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Re: Waders and fishers

Tim Williams wrote:
> I was not claiming that all extinct monotremes were aquatic simply because
> one modern representative (the platypus) is aquatic.  Nor were _Steropodon_
> and _Kollikodon_ platypus "clones".  Nevertheless, the original descriptions
> provide evidence favoring aquatic feeding for both these monotremes.  From
> the Australian Museum website:
> "The Cretaceous monotremes were probably similar in size and shape to the
> modern platypus

Size, maybe. Steropodon was about the size of a domestic cat, so perhaps
in the size range of the largest of male platypus. Kollokodon was a bit
larger. But shape? How did they determine the overall shape of the
animal from jaw fragments?

> although in modern monotremes the well-developed teeth of
> the fossil forms are absent.  _Steropodon galmani_ may have used
> electroreceptors in its snout to hunt crustaceans in a similar manner to the
> modern platypus.

A big use of the word "may" there. Again, how they inferred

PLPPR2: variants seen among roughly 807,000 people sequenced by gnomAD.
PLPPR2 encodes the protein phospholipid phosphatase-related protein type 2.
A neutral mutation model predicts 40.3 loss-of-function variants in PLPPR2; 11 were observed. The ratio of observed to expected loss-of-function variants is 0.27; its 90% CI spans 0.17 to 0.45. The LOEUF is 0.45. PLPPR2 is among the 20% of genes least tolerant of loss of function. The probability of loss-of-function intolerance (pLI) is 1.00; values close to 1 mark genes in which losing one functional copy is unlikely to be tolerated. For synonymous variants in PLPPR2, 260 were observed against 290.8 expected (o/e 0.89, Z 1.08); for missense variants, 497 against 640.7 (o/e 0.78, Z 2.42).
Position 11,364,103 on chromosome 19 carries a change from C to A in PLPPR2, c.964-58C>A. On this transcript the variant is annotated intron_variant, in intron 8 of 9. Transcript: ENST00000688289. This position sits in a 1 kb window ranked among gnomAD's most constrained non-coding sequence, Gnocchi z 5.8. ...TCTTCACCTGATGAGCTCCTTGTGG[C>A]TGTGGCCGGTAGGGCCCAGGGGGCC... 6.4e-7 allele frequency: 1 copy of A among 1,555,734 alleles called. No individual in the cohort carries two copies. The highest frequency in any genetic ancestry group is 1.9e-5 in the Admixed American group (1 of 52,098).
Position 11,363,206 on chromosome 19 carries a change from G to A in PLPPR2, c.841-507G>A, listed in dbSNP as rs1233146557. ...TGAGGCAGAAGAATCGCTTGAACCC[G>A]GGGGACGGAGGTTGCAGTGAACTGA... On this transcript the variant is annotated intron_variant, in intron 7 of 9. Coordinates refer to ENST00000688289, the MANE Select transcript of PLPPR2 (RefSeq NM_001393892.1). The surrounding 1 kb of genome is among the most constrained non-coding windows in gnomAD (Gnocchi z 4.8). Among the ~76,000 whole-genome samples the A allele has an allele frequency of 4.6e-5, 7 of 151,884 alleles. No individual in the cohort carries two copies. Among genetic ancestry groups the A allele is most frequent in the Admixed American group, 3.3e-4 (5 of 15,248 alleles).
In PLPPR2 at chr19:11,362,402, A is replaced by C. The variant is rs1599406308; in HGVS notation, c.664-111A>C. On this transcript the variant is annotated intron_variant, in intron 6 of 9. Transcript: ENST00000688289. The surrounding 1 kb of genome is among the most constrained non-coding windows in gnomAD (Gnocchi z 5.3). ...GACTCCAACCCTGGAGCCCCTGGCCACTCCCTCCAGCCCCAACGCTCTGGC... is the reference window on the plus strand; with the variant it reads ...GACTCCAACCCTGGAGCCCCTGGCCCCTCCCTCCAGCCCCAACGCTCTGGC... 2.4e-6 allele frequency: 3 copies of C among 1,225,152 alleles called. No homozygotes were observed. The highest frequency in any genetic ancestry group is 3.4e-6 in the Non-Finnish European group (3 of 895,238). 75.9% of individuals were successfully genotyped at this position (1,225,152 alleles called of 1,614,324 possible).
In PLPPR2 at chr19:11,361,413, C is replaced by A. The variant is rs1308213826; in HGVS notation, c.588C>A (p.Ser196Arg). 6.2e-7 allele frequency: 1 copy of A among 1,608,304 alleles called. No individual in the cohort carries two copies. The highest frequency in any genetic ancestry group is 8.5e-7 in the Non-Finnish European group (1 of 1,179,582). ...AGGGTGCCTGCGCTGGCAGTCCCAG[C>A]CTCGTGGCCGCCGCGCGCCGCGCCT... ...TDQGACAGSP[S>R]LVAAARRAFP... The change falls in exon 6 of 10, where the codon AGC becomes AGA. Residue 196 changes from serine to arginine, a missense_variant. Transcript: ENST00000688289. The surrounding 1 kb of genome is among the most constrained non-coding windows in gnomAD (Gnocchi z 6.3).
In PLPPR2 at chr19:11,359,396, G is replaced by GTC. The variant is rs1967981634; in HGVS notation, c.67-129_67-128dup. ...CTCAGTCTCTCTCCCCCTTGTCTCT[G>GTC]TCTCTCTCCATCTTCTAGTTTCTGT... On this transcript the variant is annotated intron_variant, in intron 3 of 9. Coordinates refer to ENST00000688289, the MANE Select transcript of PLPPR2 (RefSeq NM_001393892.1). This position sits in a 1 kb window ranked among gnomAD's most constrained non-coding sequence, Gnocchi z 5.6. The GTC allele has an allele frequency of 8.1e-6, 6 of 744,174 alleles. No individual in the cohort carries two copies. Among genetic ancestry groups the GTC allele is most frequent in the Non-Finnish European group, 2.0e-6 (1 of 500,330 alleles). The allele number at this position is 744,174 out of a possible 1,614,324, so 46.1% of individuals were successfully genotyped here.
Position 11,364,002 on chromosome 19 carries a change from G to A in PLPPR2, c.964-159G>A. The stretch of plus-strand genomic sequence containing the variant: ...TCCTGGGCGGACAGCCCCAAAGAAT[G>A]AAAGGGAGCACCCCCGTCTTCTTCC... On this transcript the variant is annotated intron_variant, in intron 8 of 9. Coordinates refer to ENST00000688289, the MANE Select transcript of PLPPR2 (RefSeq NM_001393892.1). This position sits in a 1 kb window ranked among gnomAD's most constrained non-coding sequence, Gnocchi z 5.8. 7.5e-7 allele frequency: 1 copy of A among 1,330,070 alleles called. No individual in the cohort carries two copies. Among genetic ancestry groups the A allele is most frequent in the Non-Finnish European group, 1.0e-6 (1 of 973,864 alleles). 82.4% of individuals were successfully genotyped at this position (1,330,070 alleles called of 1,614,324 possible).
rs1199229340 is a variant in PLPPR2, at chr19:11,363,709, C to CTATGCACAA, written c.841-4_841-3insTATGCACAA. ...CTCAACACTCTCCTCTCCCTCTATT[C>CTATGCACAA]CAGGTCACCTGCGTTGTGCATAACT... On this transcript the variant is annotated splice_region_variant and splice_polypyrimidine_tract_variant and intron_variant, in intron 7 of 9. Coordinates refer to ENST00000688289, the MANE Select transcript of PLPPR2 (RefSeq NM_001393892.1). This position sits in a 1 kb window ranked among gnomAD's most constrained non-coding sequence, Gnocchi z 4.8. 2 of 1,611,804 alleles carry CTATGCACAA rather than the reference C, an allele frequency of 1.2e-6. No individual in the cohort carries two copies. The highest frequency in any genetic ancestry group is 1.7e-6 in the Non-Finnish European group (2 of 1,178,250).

electroreceptors (on the tip of the snout) from a lower jaw fragment is
beyond me.

>  The recently discovered _Kollikodon ritchiei_ has unusual
> dome-like teeth, which earned it the nickname 'hotcrossbunodon'.  These
> blunt, rounded molars may have been used to crush the hard shells of mussels
> and other shellfish."

or land-based animals like snails, large beetles, etc. The evidence for
aquatic behaviour is scant and ambiguous, and largely based on analogy
with the modern platypus. When it comes of monotremes, we have to think
outside of the extant square (if indeed a square can have only two

If only for some articulated post-crania...


Dann Pigdon                   Australian Dinosaurs:
GIS / Archaeologist         http://www.geocities.com/dannsdinosaurs
Melbourne, Australia        http://www.alphalink.com.au/~dannj/